London Public Pension Fund Eyes Private Equity

LONDON (Reuters) – The 3.2 billion pound ($5.08 billion) London Pension Fund Authority is looking for private equity and infrastructure investments as it releases some of the cash hoarded during the financial crisis, the CEO said.

“Cash allocation is higher than we would like at the moment,” said LPFA chief Michael Taylor.

At end-June LPFA’s assets were split into a 2.1 billion pound active fund mainly invested in global equity and a 1.1 billion pound sub-fund which adopts a more cautious approach and which is used to pay pensions.

Taylor wants the active fund to use some of its cash, worth 7 percent of its assets.

“We are looking for investment in private equity and infrastructure, but the problem is that there has been precious little distribution at the moment; not a lot of IPOs and little trade in that area,” he said.

At end-June the active fund had nine percent of its assets in private equity and five percent in infrastructure.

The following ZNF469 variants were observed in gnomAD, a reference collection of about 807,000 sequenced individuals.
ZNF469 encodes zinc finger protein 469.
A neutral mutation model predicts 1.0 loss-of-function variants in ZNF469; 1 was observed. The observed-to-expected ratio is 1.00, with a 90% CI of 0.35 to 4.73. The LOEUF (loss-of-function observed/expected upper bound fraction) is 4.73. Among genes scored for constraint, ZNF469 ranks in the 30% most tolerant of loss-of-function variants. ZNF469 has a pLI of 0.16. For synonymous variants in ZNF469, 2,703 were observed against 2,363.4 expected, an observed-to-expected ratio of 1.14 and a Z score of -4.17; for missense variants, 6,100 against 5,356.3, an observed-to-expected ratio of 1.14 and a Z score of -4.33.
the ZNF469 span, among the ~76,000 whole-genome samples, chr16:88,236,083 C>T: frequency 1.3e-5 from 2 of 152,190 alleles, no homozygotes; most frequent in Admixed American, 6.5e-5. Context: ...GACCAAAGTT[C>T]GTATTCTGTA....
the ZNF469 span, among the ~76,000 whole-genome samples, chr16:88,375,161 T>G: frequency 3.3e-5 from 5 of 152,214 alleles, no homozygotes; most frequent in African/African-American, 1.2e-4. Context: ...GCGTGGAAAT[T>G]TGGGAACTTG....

As part of the same cash redeployment, the LPFA has invested 20 million pounds in the Prudential (PRU.L) M&G UK Comapanies Financing fund, which will make loans to sound UK companies stymied by a lack of bank lending.

The scheme may invest a further 30 million pounds if M&G hits the 2 billion pounds target.

The fund has so far gathered 1.3 billion pounds and its total assets may rise to 1.6 billion pounds after its third closing. The fund has not yet made any loans, said M&G’s fixed income chief investment officer Simon Pilcher.

Like other UK pension schemes, the LPFA is seeking advice about the impact of rising life expectancy. Its consultant is Hyman Robertson’s longevity service unit, known as Club Vita.

“Our oldest pesnioner is 110. We had 38, at last count, who were over 100. The longevity issue is really critical for us,” he said.

The fund is not keen on longevity swaps, where trustees pay a bank or some other counterparty to take on some of the risk over a defined period. The deals effectively mean you are introducing counterparty risk while sharing longevity risk.

“I am not sure you can ever successfully pass on the longevity risk to other parties, because ultimately the tax payer is responsible for local government schemes.

“I can see the attraction in setting it up, but what happens 10, 15 years down the track? I would be a little bit more concerned about that,” he said.

UK pension schemes are likely to insure over 5 billion pounds of longevity liabilities in 2010, consultant Hewitt Associates has estimated.

(Reporting by Cecilia Valente, Editing by Jason Neely) ($1=.6301 Pound)